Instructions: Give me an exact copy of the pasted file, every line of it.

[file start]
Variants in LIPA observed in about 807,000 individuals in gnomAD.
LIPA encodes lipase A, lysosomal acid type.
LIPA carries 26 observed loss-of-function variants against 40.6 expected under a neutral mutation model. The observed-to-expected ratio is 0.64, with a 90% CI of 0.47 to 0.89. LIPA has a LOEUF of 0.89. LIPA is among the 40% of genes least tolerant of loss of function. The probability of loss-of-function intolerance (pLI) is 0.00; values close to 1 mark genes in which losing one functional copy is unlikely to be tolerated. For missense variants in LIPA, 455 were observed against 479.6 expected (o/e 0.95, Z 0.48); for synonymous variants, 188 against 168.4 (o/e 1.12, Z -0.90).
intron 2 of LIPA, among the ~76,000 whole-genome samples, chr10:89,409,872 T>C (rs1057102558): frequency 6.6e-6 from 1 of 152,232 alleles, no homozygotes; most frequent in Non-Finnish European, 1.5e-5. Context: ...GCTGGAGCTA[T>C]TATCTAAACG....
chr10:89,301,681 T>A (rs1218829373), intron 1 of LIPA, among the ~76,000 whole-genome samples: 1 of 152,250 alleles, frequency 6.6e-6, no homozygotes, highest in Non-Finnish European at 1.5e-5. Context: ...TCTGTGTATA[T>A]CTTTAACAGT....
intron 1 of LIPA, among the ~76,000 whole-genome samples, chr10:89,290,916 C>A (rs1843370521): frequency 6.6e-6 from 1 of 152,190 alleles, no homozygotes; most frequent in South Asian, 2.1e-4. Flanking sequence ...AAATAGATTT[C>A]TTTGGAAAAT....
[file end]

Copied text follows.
Variants in LIPA observed in about 807,000 individuals in gnomAD.
LIPA encodes lipase A, lysosomal acid type.
LIPA carries 26 observed loss-of-function variants against 40.6 expected under a neutral mutation model. The observed-to-expected ratio is 0.64, with a 90% CI of 0.47 to 0.89. LIPA has a LOEUF of 0.89. LIPA is among the 40% of genes least tolerant of loss of function. The probability of loss-of-function intolerance (pLI) is 0.00; values close to 1 mark genes in which losing one functional copy is unlikely to be tolerated. For missense variants in LIPA, 455 were observed against 479.6 expected (o/e 0.95, Z 0.48); for synonymous variants, 188 against 168.4 (o/e 1.12, Z -0.90).
intron 2 of LIPA, among the ~76,000 whole-genome samples, chr10:89,409,872 T>C (rs1057102558): frequency 6.6e-6 from 1 of 152,232 alleles, no homozygotes; most frequent in Non-Finnish European, 1.5e-5. Context: ...GCTGGAGCTA[T>C]TATCTAAACG....
chr10:89,301,681 T>A (rs1218829373), intron 1 of LIPA, among the ~76,000 whole-genome samples: 1 of 152,250 alleles, frequency 6.6e-6, no homozygotes, highest in Non-Finnish European at 1.5e-5. Context: ...TCTGTGTATA[T>A]CTTTAACAGT....
intron 1 of LIPA, among the ~76,000 whole-genome samples, chr10:89,290,916 C>A (rs1843370521): frequency 6.6e-6 from 1 of 152,190 alleles, no homozygotes; most frequent in South Asian, 2.1e-4. Flanking sequence ...AAATAGATTT[C>A]TTTGGAAAAT....